In the final few weeks of my PhD I began to view my thesis through a Lord of the Rings metaphor – I was Frodo, carrying the Ring into Mordor. This thing I had carried so far was both a burden I was desperate to be rid of, but also something I cared deeply about and would struggle to let go. Submitting the thesis in July 2018, I expected to feel a sense of completion or triumph, but the thesis is never really complete. Instead, what I mainly felt was relief. The fourth and final year of my PhD was unfunded and I was juggling two part-time jobs alongside my final efforts to get the thesis done. Once it was submitted I was content to fade into the west and forget about academia until the Viva. During these next couple of months my 9-5 job provided a welcome structure to my now unstructured post-PhD life. The Viva examination arrived three months later in October. The Viva itself was a very enjoyable experience. And to be completely honest, I was really looking forward to it. I mean, this was my project and I knew it inside out. With a few minor corrections submitted, Graduation followed in December. Then, after what was perhaps my most relaxing Christmas break ever, I arrived in 2019 as Dr Johnson and the question that naturally presented itself was, so, what next?
I really enjoyed my PhD experience. I wouldn’t recommend it to everyone (after all, if you aren’t convinced yourself that you’re ready to take on a PhD, you probably shouldn’t being basing that decision on other people), but I did love my research, even when I hated it. It was mine, and I loved the work and creativity that I put into it. The time I had away from writing once it was finished was needed and deeply appreciated, but once I’d had time to recuperate from those harrowing final weeks of thesis writing I found that I missed the absorption and obsession of a research project. I had a few projects to keep me occupied over the Christmas break. Towards the end of the year I’d been contacted with my first opportunity to act as a peer-reviewer for one of my favourite journals, and I was excited to take part in this process. I also took on my first book review, writing a review of ‘Future Remains: a cabinet of curiosities for the anthropocene’, edited by Gregg Mitman, Marco Armiero and Robert S. Emmett, for the journal Green Letters. However, I also wanted to continue working on my own research, especially now I was balancing my research time with part-time employment at the University of Nottingham.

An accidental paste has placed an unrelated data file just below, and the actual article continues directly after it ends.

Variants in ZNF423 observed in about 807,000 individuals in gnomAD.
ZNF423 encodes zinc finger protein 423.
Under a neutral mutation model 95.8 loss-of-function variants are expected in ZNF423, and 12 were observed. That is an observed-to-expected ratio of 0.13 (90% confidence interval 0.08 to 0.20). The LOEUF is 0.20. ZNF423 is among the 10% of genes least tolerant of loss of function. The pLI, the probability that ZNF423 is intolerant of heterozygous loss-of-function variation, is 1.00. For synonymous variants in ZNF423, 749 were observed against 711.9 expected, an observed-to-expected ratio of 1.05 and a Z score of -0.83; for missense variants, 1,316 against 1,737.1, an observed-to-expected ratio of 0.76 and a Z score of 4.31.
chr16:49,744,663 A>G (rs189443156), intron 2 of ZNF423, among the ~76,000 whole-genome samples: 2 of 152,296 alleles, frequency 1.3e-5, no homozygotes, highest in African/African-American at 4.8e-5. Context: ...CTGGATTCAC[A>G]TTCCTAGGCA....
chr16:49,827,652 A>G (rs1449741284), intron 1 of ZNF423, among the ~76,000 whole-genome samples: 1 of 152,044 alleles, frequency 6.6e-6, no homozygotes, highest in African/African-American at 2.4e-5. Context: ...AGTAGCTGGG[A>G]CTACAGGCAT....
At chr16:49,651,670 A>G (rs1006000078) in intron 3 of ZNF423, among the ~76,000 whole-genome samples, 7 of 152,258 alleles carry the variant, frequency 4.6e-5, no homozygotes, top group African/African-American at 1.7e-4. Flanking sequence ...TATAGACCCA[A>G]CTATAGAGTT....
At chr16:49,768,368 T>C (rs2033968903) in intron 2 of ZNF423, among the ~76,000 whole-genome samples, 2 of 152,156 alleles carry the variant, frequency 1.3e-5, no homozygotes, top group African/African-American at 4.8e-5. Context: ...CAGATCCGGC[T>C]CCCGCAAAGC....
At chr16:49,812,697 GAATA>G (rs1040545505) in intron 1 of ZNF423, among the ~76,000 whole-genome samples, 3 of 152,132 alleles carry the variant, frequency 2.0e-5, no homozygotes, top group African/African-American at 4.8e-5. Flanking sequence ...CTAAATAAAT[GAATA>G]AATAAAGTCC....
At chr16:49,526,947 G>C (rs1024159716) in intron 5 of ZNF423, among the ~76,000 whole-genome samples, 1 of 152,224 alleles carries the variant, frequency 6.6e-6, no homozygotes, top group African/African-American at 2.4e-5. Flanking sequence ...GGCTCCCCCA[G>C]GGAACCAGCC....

This blog is therefore my attempt to make an ongoing commitment to my future research. I hope to keep it populated with recently-read books, conference reports, publications, and my very own ‘ecodystopian timeline’. I have a few projects lined up for 2019, including the Utopian Studies Society conference in Prato, re-visiting and revising my thesis and a chapter for the forthcoming Cambridge Companion to Nineteen Eighty-Four.
“It’s the job that’s never started as takes longest to finish.”— J.R.R. Tolkein